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Posted on: January 5, 2024

$500M Maui Interim Housing Plan launched

GOVERNMENT AND NONPROFIT PARTNERS JOIN TOGETHER TO      
LAUNCH $500M MAUI INTERIM HOUSING PLAN

The collective effort, called the “Maui Interim Housing Plan” commits to securing a pool of 3,000 housing units with 18-month commitments to provide a stable place for households displaced by the Maui fires, currently residing in short-term hotels      

In response to the urgent housing needs caused by the August 8, 2023 Maui wildfires, government and nonprofit partners launched the Maui Interim Housing Plan, collectively committing $500 million to create a pool of more than 3,000 stable housing units with 18-month commitments. Announced today at Maui Lani in Kahului, which is one of the future build sites included in the plan, this collaborative effort brings together the state of Hawai‘i, County of Maui, Hawai‘i Community Foundation (HCF), Council for Native Hawaiian Advancement (CNHA), Federal Emergency Management Agency (FEMA), and the American Red Cross (ARC).      

Our collective goal is to move all individuals and families who are in short-term hotels into long-term stable housing by July 1, 2024.      

Solidifying their commitment through a Memorandum of Understanding (MOU), the partners aim to address the immediate housing needs of individuals and families currently residing in short-term hotels. This ambitious initiative ensures stability and a sense of security during these challenging times and provides individuals and families an opportunity to look forward.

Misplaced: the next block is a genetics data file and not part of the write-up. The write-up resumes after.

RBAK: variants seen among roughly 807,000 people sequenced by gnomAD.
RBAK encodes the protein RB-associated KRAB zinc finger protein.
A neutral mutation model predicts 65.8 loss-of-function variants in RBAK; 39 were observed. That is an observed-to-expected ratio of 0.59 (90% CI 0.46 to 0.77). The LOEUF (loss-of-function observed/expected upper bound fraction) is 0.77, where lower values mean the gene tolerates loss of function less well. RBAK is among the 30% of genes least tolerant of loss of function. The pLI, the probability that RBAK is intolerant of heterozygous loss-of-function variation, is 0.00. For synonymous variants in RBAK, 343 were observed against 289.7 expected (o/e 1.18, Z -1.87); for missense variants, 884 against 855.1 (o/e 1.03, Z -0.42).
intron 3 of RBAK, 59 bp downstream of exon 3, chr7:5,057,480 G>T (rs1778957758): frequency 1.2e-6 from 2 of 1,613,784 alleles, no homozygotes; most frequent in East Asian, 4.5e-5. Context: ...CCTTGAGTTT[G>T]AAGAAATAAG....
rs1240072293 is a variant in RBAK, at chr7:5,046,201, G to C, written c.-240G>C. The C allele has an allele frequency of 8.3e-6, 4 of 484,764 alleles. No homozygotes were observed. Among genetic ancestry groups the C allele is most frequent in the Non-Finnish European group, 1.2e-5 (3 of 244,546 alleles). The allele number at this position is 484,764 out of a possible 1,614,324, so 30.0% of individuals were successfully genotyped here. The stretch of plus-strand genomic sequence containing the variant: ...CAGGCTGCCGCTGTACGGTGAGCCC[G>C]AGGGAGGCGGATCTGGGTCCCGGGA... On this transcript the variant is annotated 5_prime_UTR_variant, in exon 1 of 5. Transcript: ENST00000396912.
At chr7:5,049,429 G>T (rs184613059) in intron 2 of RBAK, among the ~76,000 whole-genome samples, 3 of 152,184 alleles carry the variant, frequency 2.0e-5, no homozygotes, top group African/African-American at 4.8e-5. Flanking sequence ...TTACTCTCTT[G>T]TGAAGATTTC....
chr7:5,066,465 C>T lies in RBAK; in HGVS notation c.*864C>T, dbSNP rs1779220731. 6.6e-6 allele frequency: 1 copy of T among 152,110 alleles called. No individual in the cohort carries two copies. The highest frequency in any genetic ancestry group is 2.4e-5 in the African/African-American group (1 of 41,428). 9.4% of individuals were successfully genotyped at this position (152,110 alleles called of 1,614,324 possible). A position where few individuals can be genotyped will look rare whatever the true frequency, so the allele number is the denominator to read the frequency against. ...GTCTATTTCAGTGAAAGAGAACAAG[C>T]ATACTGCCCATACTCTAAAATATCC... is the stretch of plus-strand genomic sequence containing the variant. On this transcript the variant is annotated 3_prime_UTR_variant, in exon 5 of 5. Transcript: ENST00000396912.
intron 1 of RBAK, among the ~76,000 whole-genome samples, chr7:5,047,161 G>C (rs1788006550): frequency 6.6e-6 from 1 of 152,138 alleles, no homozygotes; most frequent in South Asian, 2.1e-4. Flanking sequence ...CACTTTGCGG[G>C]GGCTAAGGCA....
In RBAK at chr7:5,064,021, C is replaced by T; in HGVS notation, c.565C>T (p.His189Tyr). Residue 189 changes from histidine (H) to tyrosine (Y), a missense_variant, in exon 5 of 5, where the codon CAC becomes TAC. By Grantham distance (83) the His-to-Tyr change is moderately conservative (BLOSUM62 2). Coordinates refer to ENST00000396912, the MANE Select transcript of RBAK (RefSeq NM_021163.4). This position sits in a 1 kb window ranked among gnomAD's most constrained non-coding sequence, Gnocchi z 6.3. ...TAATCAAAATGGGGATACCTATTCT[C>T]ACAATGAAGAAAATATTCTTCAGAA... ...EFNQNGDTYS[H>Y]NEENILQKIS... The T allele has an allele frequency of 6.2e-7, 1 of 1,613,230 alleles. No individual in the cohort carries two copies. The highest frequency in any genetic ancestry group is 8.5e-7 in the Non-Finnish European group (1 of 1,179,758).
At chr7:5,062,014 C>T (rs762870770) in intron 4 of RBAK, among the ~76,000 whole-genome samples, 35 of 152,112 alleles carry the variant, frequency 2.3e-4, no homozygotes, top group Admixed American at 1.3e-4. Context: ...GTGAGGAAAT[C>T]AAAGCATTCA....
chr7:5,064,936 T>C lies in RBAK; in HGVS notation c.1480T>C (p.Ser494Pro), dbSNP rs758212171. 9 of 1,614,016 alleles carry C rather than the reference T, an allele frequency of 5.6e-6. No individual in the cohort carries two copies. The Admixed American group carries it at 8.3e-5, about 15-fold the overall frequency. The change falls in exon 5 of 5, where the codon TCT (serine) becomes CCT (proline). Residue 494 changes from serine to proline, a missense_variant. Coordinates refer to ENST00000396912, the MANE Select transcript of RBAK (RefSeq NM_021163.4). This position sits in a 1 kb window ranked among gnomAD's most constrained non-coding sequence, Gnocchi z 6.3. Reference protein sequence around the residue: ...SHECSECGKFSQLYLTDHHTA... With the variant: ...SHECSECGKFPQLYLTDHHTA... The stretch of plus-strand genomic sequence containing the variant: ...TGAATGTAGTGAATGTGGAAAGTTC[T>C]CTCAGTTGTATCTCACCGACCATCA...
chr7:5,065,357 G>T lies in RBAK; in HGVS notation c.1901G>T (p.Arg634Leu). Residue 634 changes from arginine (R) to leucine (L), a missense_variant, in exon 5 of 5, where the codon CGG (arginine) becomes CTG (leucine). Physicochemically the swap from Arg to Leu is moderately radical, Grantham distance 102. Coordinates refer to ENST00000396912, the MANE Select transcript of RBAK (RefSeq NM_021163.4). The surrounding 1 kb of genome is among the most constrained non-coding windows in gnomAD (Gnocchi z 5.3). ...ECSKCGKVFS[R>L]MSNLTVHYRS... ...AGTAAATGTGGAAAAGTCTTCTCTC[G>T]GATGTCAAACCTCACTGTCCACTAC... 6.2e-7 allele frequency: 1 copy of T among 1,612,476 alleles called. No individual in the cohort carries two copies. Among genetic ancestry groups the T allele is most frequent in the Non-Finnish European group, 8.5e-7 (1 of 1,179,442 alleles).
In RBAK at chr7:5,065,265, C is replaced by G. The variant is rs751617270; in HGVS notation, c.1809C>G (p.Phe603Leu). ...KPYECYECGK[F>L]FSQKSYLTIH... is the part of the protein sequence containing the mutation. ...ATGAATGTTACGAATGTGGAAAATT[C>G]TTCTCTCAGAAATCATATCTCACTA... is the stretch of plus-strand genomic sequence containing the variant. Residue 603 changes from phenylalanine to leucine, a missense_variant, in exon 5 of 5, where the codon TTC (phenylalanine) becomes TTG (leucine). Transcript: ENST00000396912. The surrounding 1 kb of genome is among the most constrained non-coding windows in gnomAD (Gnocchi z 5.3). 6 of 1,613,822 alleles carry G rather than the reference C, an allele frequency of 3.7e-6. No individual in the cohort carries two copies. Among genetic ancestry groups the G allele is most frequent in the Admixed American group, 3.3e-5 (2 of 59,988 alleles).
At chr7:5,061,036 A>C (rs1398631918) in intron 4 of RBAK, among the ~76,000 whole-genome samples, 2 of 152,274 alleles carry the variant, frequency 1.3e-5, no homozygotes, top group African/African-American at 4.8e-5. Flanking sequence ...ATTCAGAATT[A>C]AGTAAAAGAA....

“FEMA’s financial assistance has been a critical piece to addressing the immediate housing needs on Maui,” said Governor Josh Green, M.D. “In addition to the $250M FEMA is providing for hoteling and rental assistance to individuals, FEMA is currently leasing approximately 1,500 units to house survivors and is designing multiple group sites to house up to 500 households in Accessory Dwelling Units (ADUs). The estimated costs for these efforts total an additional $450M, which greatly enhances our ability to house all who need it. This partnership is unprecedented and critical to our collective success as a state.”      

Maui County Mayor Richard Bissen said,  “We want families to know there is a long-term future for them on Maui—and it starts with providing housing stability right now.”

Governor Green and Mayor Bissen have been actively working with FEMA to extend their commitment to house affected families in existing short term hotels, as this transition occurs.      

Currently, 2,400-plus households, totaling more than 5,928 individuals, remain housed in more than 30 hotels throughout Maui, in a program of non-congregate sheltering facilitated by the American Red Cross. The Maui Interim Housing Plan outlines a phased approach to delivering housing, prioritizing options that produce permanent housing, efficient use of funds, and readiness for move-in by survivors. The plan includes: residents returning to original unharmed residences, the Host Housing Support Program, direct leasing, short-term rental transitions to long-term rentals, and new permanent developments.